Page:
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The VA Is Refusing To Turn Over Documents To Congress About Outsiders Influencing Policy
The Department of Veterans Affairs officials are refusing to hand over documentation that could detail the undue influence of a troika of private businessmen over the department's dealings to Congress, Military Times reports, leading the ranking Democrat on the House Veterans Affairs Committee to rebuke the move as “an attempt to stonewall not only a member of Congress but the American public."
- In August, a bombshell report from ProPublica detailed the influence of three acquaintances of President Donald Trump in shaping VA policy.
- Known as the “the Mar-a-Lago Crowd," the troika consists of Marvel Entertainment chairman Ike Perlmutter, Palm Beach physician Bruce Moskowitz, and lawyer Marc Sherman.
- The ProPublica investigation suggested that emails from the Mar-A-Lago Crowd were effectively treated as de facto policy directives.
- In the aftermath, HVAC ranking member Tim Walz (D-Minn.) demanded the VA turn over any records of contact between the three businessmen and the and VA officials, followed by a lawsuit by left-leaning veterans group VoteVets.
- In a September hearing, newly-minted VA Secretary Robert Wilkie assured lawmakers in a September hearing that none of the three businessmen had any untoward contact with VA officials but declined to release those communications, citing “ongoing litigation alleging violations of the Federal Advisory Committee Act" that make any documents “not appropriate for release at this time.”
- For his part, Military Times reports that Walz is demanding that the VA release those communications by the end of the month. “We have received nothing from VA except excuses,” he said in a statement. The reports of corruption and cronyism are serious and we cannot allow VA to sweep this under the rug. This issue will remain a top concern of the committee until all our questions have been answered.”
There's nothing quite like finding out that the nifty little trinket you blew a paycheck on when you were a junior enlisted service member is actually worth three-quarters of a million dollars. (Take that every SNCO who ever gave a counseling statement on personal finances.)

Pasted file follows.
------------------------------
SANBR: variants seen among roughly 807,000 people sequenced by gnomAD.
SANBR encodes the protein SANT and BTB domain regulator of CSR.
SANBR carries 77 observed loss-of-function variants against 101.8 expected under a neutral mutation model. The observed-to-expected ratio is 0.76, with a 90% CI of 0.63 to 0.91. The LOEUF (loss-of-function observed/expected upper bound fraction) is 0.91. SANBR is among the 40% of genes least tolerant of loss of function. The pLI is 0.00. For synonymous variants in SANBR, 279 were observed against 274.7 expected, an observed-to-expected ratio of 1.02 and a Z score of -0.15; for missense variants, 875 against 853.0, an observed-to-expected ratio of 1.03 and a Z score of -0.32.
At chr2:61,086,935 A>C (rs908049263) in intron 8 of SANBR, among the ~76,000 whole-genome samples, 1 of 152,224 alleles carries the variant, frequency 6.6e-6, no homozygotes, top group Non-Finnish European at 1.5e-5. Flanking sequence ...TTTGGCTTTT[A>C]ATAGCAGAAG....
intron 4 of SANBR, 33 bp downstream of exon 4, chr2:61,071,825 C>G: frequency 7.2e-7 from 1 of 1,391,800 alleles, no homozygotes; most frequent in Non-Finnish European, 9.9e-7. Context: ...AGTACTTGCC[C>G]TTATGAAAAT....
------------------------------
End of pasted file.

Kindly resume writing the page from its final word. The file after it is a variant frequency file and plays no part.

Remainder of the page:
Special Operations Command review finds deployment and leadership issues but no 'systemic ethics problem'
The long-awaited Special Operations Command's ethics review has finally been released, which argues that there is no "systemic ethics problem" in the special operations community while acknowledging a range of underlying problems stemming from a high operations tempo and insufficient leadership.
John Kelly, the retired Marine general who worked as President Trump's chief of staff for more than 16 months, told a crowd in Sarasota, Florida on Monday that he trusted John Bolton and thinks he should testify in the Senate impeachment trial.
"If John Bolton says that in the book I believe John Bolton," Kelly said during a town hall lecture series, according to the Sarasota Herald-Tribune, mentioning claims in a forthcoming memoir by Trump's former national security advisor that the president told him a freeze on military aid to Ukraine was conditioned on the country opening an investigation into the Bidens.
While the Army pours resources into Fort Wainwright after suicides, leaders stress one reminder: Look out for your teammates
While the Army is making strides at Fort Wainwright with hopes of improving the quality of life at the base and stopping suicide, Army leaders are also reminding soldiers of one simple thing that could make a difference: Get to know your teammates, and look out for one another.